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If you’ve never purchased a college textbook it’s likely your jaw will drop when you first see the price. It’s not uncommon for math and science textbooks to run well over $150 per book! When you have to buy 4-5 of these books a year (plus other books and materials as well), it can seriously hurt your budget.
A 2013 study from The College Board showed that textbooks average more than $1,000 per year. Over and over again we hear that this is one of the largest unexpected expenses students face. And understandably so.
Fortunately, there are ways to get the costs down if you’re willing to put a little time in. Here are the five best ways to save money on textbooks this fall.
Most new college students start their textbook search at the campus bookstore. This can be a huge mistake if you’re looking for ways to save money on college textbooks. The campus bookstore is generally one of the highest priced places for textbooks. Browse the store to get an idea of prices but don’t buy yet.
With school about to be back in session, you’ll find more savings available than any other time of the year. For instance, Barnes and Noble offer up to 30% off the ticketed price of new books plus free shipping on new textbook orders over $25.
If you want to purchase new books, set aside a half an hour and price compare. You’ll find that prices on new books vary and a little time will help you find the best option. This can help you save hundreds per year in textbook costs.
Significantly Save with Used Books
When it comes to college textbooks, one of the best ways to save money is to buy used. You can snag used books in good condition for up to 90% off. If you don’t mind a little wear on the book, this can be a great way to save a lot of money.
Before you pull the trigger on a used book, be sure to see if older versions of the textbook are suitable. (Refer to your syllabus or ask your professor.) You’re likely to get used, older versions of a textbook for a fraction of the price of the new version.
It makes a lot of sense to buy a used book, especially if you’re not using it long term. Since the savings are significant when buying used versus new, it almost always works out better financially.
Just remember, you have to be okay with a little wear, some folded pages, and highlighting.
Rent Your Books
When you rent a book, you’ll pay much less than buying it new and you’ll be able to send the book back at the end of the semester. You can rent textbooks from Barnes and Noble for various lengths of time and can extend your rental when needed.
When you’re done with the book, you simply log in to your Barnes and Noble account, print the free return shipping label and send the book back. Pretty simple, and much less of a hassle than trying to sell your book after the semester is over.
It is important to note that you should take great care of the books you rent or you could be charged for the replacement.
Try Electronic Versions
E-books are becoming commonplace in the classroom.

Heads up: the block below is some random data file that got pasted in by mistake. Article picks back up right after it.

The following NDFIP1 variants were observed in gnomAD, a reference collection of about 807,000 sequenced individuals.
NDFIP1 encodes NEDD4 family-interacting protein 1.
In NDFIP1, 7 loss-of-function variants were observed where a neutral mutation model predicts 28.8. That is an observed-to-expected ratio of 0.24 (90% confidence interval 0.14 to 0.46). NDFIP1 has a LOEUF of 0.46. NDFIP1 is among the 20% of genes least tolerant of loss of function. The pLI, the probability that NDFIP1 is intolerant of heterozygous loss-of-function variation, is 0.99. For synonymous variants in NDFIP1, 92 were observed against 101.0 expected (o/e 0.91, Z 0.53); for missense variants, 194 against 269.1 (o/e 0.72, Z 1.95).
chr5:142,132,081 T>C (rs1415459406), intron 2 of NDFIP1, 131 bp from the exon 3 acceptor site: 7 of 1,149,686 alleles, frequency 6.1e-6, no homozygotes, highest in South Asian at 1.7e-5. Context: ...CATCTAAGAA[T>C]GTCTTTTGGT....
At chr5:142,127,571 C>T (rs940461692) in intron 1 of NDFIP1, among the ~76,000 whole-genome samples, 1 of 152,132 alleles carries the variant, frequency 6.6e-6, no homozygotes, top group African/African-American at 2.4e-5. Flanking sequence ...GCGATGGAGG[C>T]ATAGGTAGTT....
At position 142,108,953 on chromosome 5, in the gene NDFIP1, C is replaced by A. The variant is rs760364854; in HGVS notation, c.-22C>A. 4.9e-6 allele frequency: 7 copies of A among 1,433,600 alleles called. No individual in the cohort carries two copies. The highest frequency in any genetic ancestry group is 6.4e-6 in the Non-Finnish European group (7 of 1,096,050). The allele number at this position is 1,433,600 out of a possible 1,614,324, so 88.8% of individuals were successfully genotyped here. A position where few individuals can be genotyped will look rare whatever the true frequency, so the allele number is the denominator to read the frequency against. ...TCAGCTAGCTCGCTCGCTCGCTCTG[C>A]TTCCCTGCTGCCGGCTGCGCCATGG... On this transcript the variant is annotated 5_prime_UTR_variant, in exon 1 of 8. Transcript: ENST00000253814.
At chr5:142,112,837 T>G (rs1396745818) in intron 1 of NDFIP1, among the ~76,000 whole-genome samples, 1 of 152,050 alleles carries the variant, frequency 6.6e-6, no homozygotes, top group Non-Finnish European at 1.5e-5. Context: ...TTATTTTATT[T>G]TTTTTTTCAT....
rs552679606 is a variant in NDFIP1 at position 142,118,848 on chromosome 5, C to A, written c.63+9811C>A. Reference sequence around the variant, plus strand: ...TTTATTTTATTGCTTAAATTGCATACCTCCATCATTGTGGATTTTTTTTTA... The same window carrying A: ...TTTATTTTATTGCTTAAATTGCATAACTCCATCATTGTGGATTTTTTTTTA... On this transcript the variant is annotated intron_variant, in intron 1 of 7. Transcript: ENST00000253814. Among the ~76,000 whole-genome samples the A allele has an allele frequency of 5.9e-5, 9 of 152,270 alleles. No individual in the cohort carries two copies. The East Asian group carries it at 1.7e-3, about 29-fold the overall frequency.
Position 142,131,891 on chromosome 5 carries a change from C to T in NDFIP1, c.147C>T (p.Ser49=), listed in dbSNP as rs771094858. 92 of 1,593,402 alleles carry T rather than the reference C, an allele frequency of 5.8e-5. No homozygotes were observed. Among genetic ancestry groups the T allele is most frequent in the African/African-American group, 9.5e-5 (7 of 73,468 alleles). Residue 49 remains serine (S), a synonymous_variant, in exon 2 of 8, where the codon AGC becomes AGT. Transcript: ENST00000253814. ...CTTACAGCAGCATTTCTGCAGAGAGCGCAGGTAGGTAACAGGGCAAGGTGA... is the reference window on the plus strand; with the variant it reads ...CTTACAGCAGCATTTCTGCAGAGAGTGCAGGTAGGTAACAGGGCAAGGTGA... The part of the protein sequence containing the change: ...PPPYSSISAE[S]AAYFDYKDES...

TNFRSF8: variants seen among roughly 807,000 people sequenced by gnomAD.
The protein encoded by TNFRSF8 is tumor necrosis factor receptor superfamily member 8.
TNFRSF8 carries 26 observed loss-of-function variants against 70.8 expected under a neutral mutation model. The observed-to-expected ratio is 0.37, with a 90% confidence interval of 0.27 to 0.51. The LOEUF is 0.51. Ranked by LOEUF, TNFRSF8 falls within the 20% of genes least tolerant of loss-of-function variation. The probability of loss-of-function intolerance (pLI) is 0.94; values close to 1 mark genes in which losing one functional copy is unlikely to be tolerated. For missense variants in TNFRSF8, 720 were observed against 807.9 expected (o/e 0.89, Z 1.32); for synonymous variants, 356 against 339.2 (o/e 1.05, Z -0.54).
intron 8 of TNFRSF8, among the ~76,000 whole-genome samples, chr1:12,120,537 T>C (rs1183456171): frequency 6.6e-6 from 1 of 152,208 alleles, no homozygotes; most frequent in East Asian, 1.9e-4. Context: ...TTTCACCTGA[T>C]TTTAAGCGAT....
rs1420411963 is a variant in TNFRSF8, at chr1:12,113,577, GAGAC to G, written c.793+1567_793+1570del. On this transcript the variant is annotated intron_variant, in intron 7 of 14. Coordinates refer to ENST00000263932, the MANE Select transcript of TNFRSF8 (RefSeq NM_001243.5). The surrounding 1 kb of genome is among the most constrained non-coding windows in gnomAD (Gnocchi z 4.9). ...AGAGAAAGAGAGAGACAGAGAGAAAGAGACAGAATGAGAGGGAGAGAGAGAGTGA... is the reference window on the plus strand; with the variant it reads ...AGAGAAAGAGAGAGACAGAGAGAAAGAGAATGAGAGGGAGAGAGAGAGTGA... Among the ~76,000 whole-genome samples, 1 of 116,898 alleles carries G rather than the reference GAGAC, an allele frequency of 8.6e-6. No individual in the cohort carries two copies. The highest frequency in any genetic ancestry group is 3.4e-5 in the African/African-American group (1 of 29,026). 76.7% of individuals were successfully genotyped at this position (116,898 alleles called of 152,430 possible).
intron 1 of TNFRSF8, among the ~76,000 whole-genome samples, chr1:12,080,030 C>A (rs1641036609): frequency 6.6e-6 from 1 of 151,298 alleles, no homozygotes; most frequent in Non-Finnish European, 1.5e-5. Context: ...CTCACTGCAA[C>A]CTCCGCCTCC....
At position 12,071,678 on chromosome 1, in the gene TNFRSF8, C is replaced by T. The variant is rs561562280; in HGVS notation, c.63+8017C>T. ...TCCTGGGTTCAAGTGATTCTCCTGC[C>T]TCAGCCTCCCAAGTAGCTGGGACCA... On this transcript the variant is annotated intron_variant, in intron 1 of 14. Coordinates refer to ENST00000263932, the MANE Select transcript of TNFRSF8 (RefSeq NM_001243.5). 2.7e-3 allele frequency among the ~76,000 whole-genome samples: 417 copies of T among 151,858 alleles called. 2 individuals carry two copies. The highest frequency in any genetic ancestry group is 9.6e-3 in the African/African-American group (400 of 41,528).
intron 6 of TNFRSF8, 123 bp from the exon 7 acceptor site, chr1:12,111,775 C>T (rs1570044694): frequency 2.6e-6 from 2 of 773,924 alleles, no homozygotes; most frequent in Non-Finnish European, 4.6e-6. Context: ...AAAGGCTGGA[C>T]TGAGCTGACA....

If you feel comfortable using an e-book, you can add this to your savings arsenal in the event you don’t find any other options that meet your needs.
I find that e-books have pros and cons. If you like being able to pull out your phone or tablet to read your textbook, and don’t mind not being able to highlight a page, then an e-book can be a great choice. However, if you really need to have that physical book in your hand to take notes, it might not be the right choice for you.
Sell Your Books Back When Possible
At the end of the semester, evaluate which books you no longer need and sell them. While you won’t get all of your money back, you will get some further bringing down the price of your books.
The easiest way to sell your books back is to go to your campus bookstore. However, you can also sell your books online if you’re willing to do the work of listing the book, and packing and shipping it. If you’re going to sell your books yourself, I suggest waiting until right before the next semester starts – if you sell too soon, you might not get the best price.
There are a lot of different ways to save money on college textbooks. The bottom line is that you don’t need to buy a book at full price just because that’s what the campus bookstore offers. Shop online, look at major bookstores like Barnes and Noble, and see if buying used or renting a textbook makes sense for you. It can save you hundreds, or even thousands, by the time you graduate.
What are your favorite ways to save on college textbooks?
Photo Credit: wavebreakmediamicro
Robert Farrington is America’s Millennial Money Expert® and America’s Student Loan Debt Expert™, and the founder of The College Investor, a personal finance site dedicated to helping millennials escape student loan debt to start investing and building wealth for the future. You can learn more about him here and here.
He regularly writes about investing, student loan debt, and general personal finance topics geared towards anyone wanting to earn more, get out of debt, and start building wealth for the future.
He has been quoted in major publications including the New York Times, Washington Post, Fox, ABC, NBC, and more. He is also a regular contributor to Forbes.